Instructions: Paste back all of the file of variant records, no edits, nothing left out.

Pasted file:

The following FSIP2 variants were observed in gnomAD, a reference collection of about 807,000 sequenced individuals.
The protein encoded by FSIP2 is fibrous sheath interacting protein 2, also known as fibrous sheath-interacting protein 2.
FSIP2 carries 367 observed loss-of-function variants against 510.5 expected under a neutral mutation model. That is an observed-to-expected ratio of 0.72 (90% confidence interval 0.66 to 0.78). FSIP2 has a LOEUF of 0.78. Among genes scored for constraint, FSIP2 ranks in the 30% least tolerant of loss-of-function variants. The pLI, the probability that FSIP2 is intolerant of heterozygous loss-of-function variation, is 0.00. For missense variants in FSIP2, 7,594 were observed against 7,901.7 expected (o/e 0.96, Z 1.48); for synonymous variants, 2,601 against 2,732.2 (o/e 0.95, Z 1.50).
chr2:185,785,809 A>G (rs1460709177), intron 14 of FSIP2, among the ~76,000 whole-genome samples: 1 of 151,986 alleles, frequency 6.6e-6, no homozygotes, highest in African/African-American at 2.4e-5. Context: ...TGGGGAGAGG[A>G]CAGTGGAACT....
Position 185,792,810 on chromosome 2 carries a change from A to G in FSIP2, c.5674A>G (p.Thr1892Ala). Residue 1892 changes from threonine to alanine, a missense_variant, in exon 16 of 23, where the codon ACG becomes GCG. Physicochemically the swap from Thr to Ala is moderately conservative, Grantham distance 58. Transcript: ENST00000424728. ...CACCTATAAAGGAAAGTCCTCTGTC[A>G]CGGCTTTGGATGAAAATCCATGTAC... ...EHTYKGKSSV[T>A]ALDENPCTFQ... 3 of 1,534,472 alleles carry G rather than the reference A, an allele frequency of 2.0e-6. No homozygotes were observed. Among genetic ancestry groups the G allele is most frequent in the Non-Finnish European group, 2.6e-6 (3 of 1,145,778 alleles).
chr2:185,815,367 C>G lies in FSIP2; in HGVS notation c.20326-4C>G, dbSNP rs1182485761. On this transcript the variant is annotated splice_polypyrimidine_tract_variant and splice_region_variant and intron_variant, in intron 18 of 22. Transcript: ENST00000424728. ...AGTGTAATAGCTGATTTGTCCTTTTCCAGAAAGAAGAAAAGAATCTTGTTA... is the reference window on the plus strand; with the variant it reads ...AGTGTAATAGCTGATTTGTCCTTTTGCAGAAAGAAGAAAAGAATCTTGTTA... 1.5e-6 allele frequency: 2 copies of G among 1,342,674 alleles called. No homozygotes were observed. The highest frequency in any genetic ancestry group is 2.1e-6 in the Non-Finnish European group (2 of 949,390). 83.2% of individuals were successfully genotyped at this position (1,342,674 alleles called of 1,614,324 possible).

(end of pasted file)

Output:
The following FSIP2 variants were observed in gnomAD, a reference collection of about 807,000 sequenced individuals.
The protein encoded by FSIP2 is fibrous sheath interacting protein 2, also known as fibrous sheath-interacting protein 2.
FSIP2 carries 367 observed loss-of-function variants against 510.5 expected under a neutral mutation model. That is an observed-to-expected ratio of 0.72 (90% confidence interval 0.66 to 0.78). FSIP2 has a LOEUF of 0.78. Among genes scored for constraint, FSIP2 ranks in the 30% least tolerant of loss-of-function variants. The pLI, the probability that FSIP2 is intolerant of heterozygous loss-of-function variation, is 0.00. For missense variants in FSIP2, 7,594 were observed against 7,901.7 expected (o/e 0.96, Z 1.48); for synonymous variants, 2,601 against 2,732.2 (o/e 0.95, Z 1.50).
chr2:185,785,809 A>G (rs1460709177), intron 14 of FSIP2, among the ~76,000 whole-genome samples: 1 of 151,986 alleles, frequency 6.6e-6, no homozygotes, highest in African/African-American at 2.4e-5. Context: ...TGGGGAGAGG[A>G]CAGTGGAACT....
Position 185,792,810 on chromosome 2 carries a change from A to G in FSIP2, c.5674A>G (p.Thr1892Ala). Residue 1892 changes from threonine to alanine, a missense_variant, in exon 16 of 23, where the codon ACG becomes GCG. Physicochemically the swap from Thr to Ala is moderately conservative, Grantham distance 58. Transcript: ENST00000424728. ...CACCTATAAAGGAAAGTCCTCTGTC[A>G]CGGCTTTGGATGAAAATCCATGTAC... ...EHTYKGKSSV[T>A]ALDENPCTFQ... 3 of 1,534,472 alleles carry G rather than the reference A, an allele frequency of 2.0e-6. No homozygotes were observed. Among genetic ancestry groups the G allele is most frequent in the Non-Finnish European group, 2.6e-6 (3 of 1,145,778 alleles).
chr2:185,815,367 C>G lies in FSIP2; in HGVS notation c.20326-4C>G, dbSNP rs1182485761. On this transcript the variant is annotated splice_polypyrimidine_tract_variant and splice_region_variant and intron_variant, in intron 18 of 22. Transcript: ENST00000424728. ...AGTGTAATAGCTGATTTGTCCTTTTCCAGAAAGAAGAAAAGAATCTTGTTA... is the reference window on the plus strand; with the variant it reads ...AGTGTAATAGCTGATTTGTCCTTTTGCAGAAAGAAGAAAAGAATCTTGTTA... 1.5e-6 allele frequency: 2 copies of G among 1,342,674 alleles called. No homozygotes were observed. The highest frequency in any genetic ancestry group is 2.1e-6 in the Non-Finnish European group (2 of 949,390). 83.2% of individuals were successfully genotyped at this position (1,342,674 alleles called of 1,614,324 possible).